Jeff the Hired Guy called this afternoon to say that he’d seen a cow that seemed to be ready to calve, so The CEO went out to check on her a little later, and she’d already had the calf, and it was standing up.  He left the pair alone to bond, came back in and built a fire.  Later, he took Bookworm out with him, so she could drive and he could hold the calf on the back of the pickup, enticing the mama cow to follow the calf into the barn out of the weather.  Bookworm, according to her dad, did a terrific job driving the truck up and down snowy hills, making good use of that learner’s permit. Turns out, though, that the calf is suffering from what The CEO calls SCS – Stupid Calf Syndrome – and was ignorant both of where his food source was and how to access it.  The CEO and Bookworm spent a good half-hour teaching the calf to nurse.

I feel that the calf was unjustly maligned – Bookworm herself suffered from the same condition as a baby, and it was a good four months before we got the hang of breastfeeding.  She’s clearly doing just fine now in the brains department.

SOTAfternoon/evening: Guerlain Vega, which is gorgeous.

Image is NZ-Winter from… I can’t find it.  I’d downloaded it from a free site to use as a background on my laptop, and forgot to save the source.  Oops.  It looks like it might be on the South Island, but I don’t know where, and of course it isn’t winter in the Southern Hemisphere now.  If you know from whence it came, please contact me.

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Scent Diary, Dec. 13-19, 2010

Monday, Dec. 13: Cold and windy, with dry powdery snow, and highs in the low 20s. Brr! SOTD: Chanel No. 5 Eau Premiere. Hasn’t been wrong yet.

Concert went fairly well – bits of the Vivaldi were better than Sunday’s concert, but the basses got the bit between their teeth and dragged the rest of us through the Cum Sancto Spiritu movement way faster than we’d intended going. Eek. “This Christmastide/Jessye’s Carol” was gorgeous, though. (Here’s a link to La Norman singing it herself, along with a boys’ choir, at Ely Cathedral. Swoon.)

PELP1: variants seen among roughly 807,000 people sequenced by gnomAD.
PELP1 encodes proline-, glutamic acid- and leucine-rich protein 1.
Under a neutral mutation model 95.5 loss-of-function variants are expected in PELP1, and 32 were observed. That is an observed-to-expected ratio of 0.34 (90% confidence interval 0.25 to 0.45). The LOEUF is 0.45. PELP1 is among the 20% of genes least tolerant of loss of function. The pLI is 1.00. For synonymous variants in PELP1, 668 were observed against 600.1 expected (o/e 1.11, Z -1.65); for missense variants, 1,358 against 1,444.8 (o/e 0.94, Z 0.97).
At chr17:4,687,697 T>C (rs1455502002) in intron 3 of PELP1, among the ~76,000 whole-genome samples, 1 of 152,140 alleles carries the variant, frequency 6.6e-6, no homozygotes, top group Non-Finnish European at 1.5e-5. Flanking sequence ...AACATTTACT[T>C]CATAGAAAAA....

The CEO was expecting a call today regarding his potential new job – when he interviewed, it sounded to him as if the job were his. Since then, he’s talked to the person hiring twice: once to tell her that he was definitely interested and that he’d made arrangements concerning his current job, and once last Friday to ask for a status report, upon which he was told that the office had been very busy making arrangements for other things (not a polite brush-off, we hope, since we know what they’ve been busy making arrangements for). But no call today.

Tuesday, Dec. 14: Colder and windier. Highs in the upper teens. Brr brrr. SOTD: Mary Greenwell Plum, which I continue to wear first because I think it’s beautiful, and second because I’m trying to review it.

Missed out on the local Messiah sing-in this evening in order to go to Gaze’s middle school band concert. The 6th grade Beginning Band played “Jingle Bells,” and the Intermediate Band played some (more difficult) medleys of Christmas music. It’s not the Boston Pops, but that’s okay… my kid was on stage playing a trombone! How cool is that?

No call from the Mysterious Them today either.

Wednesday, Dec. 15: Same weather as yesterday and the day before. Only colder. Triple brrrr! SOTD: DSH Perfumes’ “designer duplicate” of Caron Nuit de Noel. I’ve heard this one’s pretty close to the way NdN used to smell before reformulation, though I don’t think people are howling over the refo of this one the way they do over the current version of Narcisse Noir. I’d believe the claim that the DSH is faithful to the original, because this thing smells, well, old. The aldehydes are dry and powdery, the rose-jasmine-ylang blend is rich, the famous moss is exceedingly powdery. Eventually it goes sweet and deep with sandalwood and amber, and I like that, but not enough to wear the whole thing. As usual, I get overwhelmed with the mustiness.

SOTA: Bois des Iles. If I’m going to wear sandalwood and aldehydes, this is the way to go. (Well, either that or vintage Arpege, but I have to be mentally up for Arpege. It eats my head, it’s so rich.)